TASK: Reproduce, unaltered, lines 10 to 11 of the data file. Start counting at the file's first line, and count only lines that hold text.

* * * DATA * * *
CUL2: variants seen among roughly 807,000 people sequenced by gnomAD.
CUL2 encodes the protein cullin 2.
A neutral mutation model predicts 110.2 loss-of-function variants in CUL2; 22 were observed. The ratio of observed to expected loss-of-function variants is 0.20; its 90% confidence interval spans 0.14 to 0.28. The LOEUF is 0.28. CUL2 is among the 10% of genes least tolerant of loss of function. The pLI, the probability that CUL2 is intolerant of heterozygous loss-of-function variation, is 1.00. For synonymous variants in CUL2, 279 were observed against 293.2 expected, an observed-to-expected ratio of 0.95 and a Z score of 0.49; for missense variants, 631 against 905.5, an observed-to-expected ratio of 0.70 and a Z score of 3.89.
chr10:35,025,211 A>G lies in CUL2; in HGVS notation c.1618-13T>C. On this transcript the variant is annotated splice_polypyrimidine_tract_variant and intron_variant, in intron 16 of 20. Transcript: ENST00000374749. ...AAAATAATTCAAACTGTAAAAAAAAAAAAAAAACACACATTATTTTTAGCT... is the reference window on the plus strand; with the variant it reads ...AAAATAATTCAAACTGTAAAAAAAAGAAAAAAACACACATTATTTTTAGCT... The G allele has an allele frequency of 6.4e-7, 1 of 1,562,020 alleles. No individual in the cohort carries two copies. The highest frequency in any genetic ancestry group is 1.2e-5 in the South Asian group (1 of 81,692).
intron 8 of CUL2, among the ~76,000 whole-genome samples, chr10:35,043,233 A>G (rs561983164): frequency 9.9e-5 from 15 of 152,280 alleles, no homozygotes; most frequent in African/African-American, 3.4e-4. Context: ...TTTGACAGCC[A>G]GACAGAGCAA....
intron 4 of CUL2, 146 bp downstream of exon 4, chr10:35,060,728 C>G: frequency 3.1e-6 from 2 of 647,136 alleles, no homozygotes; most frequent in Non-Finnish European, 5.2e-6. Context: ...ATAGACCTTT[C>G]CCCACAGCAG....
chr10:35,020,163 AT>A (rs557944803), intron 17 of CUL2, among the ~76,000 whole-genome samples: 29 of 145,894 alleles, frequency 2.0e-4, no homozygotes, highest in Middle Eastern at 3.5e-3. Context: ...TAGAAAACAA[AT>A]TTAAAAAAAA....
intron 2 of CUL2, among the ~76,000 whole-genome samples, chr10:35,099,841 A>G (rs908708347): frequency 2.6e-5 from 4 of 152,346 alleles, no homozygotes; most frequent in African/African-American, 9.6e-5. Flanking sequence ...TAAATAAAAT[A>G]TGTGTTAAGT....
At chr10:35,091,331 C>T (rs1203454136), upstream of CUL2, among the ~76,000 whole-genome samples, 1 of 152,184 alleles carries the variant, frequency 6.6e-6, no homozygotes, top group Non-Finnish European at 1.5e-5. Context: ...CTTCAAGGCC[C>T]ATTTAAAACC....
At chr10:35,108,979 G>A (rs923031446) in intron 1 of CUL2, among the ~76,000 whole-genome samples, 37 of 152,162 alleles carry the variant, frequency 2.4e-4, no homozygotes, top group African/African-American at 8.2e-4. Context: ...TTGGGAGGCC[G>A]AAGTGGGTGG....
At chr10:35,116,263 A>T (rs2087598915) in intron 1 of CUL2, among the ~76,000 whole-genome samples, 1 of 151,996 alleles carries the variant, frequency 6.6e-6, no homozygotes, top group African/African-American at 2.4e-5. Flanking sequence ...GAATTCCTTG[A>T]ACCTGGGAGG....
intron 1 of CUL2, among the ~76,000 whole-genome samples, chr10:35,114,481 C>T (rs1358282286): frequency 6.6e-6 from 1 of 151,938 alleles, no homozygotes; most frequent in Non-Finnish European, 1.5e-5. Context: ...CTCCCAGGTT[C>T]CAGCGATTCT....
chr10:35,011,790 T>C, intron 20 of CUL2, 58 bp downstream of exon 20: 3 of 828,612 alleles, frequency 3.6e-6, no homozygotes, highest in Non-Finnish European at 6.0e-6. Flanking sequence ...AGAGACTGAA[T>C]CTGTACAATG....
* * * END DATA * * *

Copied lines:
At chr10:35,108,979 G>A (rs923031446) in intron 1 of CUL2, among the ~76,000 whole-genome samples, 37 of 152,162 alleles carry the variant, frequency 2.4e-4, no homozygotes, top group African/African-American at 8.2e-4. Context: ...TTGGGAGGCC[G>A]AAGTGGGTGG....
At chr10:35,116,263 A>T (rs2087598915) in intron 1 of CUL2, among the ~76,000 whole-genome samples, 1 of 151,996 alleles carries the variant, frequency 6.6e-6, no homozygotes, top group African/African-American at 2.4e-5. Flanking sequence ...GAATTCCTTG[A>T]ACCTGGGAGG....